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Monday, April 25, 2011

Is the Moneyed Interest Oriented to Ending American Federalism?

James Madison wrote in Federalist #10, “a rage for paper money, for an abolition of debts, for an equal division of property, or for any other improper or wicked project, will be less apt to pervade the whole body of the Union, than a particular member of it.” That is to say, it is in the interest of the wealthy (and especially creditors) that federalism be replaced by a consolidated central government.

In the case of Shays' Rebellion in 1786 in Massachusetts, the debtors were soldiers who had not been paid by the Continental Congress yet still faced payments on their farms. Under such conditions, was stopping such payments an "improper or wicked project"? Moreover, in a republic wherein each citizen of age has one vote, is a tendency to equalize property (as opposed to a concentrating of wealth) so very improper or wicked? Perhaps whether such things are wicked depends on where one stands, though I suspect the good of the whole--the public interest--does not reduce to a partisan position based on self-interest.

Given the diversity that naturally exists in an “extended republic” the size of an empire, such as the U.S. or E.U., the one-size-fits-all interest of the rich is ultimately suffocating. Diversity over such a number of republics in a union must be allowed its breathing room or the pressure from the consolidation will prompt some of the republics to secede. In 2010, for example, there was a movement in Texas to leave the union because the sense was that law from Washington D.C. was not fitting for that republic.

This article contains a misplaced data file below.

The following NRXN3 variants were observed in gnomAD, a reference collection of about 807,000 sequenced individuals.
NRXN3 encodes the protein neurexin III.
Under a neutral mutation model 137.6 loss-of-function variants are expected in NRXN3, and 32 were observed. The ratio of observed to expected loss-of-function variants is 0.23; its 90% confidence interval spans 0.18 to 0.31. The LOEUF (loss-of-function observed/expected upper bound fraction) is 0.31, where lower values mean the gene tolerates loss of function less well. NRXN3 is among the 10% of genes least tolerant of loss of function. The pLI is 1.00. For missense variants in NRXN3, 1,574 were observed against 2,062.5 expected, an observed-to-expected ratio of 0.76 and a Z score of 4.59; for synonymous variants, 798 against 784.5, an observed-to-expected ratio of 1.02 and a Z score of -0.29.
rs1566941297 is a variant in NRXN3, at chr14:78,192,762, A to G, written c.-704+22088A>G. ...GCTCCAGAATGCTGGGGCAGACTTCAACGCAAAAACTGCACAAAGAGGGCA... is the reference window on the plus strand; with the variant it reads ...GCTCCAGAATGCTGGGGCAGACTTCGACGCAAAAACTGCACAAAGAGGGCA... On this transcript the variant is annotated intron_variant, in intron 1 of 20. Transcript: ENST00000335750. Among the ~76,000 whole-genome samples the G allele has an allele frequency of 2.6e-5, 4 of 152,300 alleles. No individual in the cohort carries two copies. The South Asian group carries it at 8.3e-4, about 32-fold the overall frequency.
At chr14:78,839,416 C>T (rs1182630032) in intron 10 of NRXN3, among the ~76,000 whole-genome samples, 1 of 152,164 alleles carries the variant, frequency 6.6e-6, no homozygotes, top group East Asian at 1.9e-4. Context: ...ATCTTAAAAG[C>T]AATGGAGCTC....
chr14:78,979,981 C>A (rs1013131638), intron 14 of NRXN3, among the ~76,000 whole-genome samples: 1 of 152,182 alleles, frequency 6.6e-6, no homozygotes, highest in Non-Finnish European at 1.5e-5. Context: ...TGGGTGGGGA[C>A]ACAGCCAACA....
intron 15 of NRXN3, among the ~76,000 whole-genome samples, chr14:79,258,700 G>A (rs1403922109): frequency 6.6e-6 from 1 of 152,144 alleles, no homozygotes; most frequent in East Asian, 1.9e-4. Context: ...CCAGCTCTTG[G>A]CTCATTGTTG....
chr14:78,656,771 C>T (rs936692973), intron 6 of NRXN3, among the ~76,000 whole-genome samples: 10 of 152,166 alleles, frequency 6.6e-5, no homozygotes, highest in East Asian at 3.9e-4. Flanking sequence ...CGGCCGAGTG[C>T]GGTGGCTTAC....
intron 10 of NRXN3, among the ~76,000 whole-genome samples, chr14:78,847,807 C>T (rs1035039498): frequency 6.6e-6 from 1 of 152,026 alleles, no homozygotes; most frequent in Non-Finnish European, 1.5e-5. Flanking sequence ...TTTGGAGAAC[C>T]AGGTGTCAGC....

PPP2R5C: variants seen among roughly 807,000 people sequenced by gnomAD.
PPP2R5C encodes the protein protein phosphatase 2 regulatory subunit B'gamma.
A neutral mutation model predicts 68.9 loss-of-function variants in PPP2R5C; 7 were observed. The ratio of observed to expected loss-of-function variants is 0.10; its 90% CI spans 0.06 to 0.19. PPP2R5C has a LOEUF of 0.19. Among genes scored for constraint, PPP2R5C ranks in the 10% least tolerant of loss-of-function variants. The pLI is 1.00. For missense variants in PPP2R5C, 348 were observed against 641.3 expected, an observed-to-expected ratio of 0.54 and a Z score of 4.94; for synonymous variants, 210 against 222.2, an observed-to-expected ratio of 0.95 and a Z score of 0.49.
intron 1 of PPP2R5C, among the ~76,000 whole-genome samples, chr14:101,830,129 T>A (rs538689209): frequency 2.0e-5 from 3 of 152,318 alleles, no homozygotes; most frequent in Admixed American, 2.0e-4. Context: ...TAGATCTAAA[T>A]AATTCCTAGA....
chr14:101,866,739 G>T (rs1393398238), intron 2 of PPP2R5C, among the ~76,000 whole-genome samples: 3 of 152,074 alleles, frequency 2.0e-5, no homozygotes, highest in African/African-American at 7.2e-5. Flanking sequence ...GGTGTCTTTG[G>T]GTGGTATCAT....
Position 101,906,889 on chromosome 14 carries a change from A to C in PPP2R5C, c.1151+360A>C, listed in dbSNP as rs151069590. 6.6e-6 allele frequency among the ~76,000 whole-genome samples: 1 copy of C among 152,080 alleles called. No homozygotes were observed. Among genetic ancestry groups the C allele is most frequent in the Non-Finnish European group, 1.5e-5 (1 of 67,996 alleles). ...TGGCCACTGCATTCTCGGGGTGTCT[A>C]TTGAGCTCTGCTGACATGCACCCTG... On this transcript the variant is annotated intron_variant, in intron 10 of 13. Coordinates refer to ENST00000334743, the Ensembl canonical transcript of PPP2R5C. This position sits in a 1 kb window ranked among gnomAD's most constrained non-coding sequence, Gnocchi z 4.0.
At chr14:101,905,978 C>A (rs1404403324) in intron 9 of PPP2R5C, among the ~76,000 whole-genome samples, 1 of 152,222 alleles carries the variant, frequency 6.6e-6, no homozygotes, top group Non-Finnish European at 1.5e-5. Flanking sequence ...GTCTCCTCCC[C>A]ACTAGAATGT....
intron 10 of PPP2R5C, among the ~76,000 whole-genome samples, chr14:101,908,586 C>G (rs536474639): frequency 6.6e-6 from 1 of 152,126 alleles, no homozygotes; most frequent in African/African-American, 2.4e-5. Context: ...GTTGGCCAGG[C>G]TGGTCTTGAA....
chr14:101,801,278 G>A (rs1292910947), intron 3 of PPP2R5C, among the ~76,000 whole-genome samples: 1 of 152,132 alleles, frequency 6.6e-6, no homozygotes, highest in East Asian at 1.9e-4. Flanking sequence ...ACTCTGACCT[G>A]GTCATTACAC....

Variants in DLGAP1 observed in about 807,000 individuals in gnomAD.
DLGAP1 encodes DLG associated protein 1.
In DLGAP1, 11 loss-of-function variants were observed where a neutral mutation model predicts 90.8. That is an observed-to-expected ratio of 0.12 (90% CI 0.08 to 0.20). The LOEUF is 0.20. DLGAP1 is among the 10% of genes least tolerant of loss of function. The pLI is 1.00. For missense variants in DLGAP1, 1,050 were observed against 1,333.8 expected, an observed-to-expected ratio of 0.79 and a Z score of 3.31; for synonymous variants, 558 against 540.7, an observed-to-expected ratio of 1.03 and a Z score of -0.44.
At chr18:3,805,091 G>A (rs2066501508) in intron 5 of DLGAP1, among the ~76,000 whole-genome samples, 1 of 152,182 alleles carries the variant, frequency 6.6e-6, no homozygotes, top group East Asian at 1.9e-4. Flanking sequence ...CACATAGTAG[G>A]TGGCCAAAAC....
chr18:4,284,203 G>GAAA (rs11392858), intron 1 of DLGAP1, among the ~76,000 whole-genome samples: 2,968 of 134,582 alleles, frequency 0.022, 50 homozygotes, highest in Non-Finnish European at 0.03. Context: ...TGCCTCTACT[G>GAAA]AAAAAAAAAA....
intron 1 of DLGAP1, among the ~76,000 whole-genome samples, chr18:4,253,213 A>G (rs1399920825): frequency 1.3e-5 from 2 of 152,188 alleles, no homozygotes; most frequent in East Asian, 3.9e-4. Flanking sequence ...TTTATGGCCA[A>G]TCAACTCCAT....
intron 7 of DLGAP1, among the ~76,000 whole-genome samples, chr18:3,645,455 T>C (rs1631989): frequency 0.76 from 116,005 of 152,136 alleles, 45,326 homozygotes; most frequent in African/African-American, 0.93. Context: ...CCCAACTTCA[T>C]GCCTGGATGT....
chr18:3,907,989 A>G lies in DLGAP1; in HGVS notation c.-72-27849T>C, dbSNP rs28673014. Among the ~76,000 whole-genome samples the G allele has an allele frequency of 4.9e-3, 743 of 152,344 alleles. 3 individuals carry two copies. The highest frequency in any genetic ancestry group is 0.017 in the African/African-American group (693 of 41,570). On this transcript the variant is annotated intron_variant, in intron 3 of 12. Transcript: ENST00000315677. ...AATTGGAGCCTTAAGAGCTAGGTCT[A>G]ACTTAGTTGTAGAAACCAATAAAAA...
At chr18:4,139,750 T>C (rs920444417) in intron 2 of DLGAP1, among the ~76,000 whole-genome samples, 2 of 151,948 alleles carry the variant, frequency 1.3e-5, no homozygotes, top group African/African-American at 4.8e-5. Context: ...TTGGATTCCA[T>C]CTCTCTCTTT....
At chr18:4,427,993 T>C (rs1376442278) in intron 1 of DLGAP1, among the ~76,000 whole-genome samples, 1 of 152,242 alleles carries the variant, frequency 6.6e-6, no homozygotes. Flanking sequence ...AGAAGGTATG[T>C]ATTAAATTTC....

The question is perhaps whether the financial elite can be oriented to the long term, and, thus public interest in the pursuit of a more paricular interest. Moreover, is the public good simply the aggregation of everyone following his or her own particular interest? Even if that works in an Adam Smith economy of competitive markets, does the same logic work for polities?  It could be argued, for example, that unlike a market, a polity requires leadership. The U.S. President can say the U.S. will move against Libya, but does it make sense to say that the American economy is moving as an entity when the market is simply the individual buyers and sellers? Furthermore, nations can explicitly stand for certain principles, whereas a market's principles such as efficiency are given, or inherent.

In the case of the United States, a decision is needed by the citizens on whether to continue to allow the propertied interest to enervate federalism or to reinvigorate the checks and balance in federalism wherein one government checks another. In the end, it is the public's comfort with concentrated power that is at issue. Historically, that comfort was pretty low, but may have subtly changed over decades wiithout being made transparent. One function of leadership in a polity is to act on behalf of such transparency and proffer a directionality.

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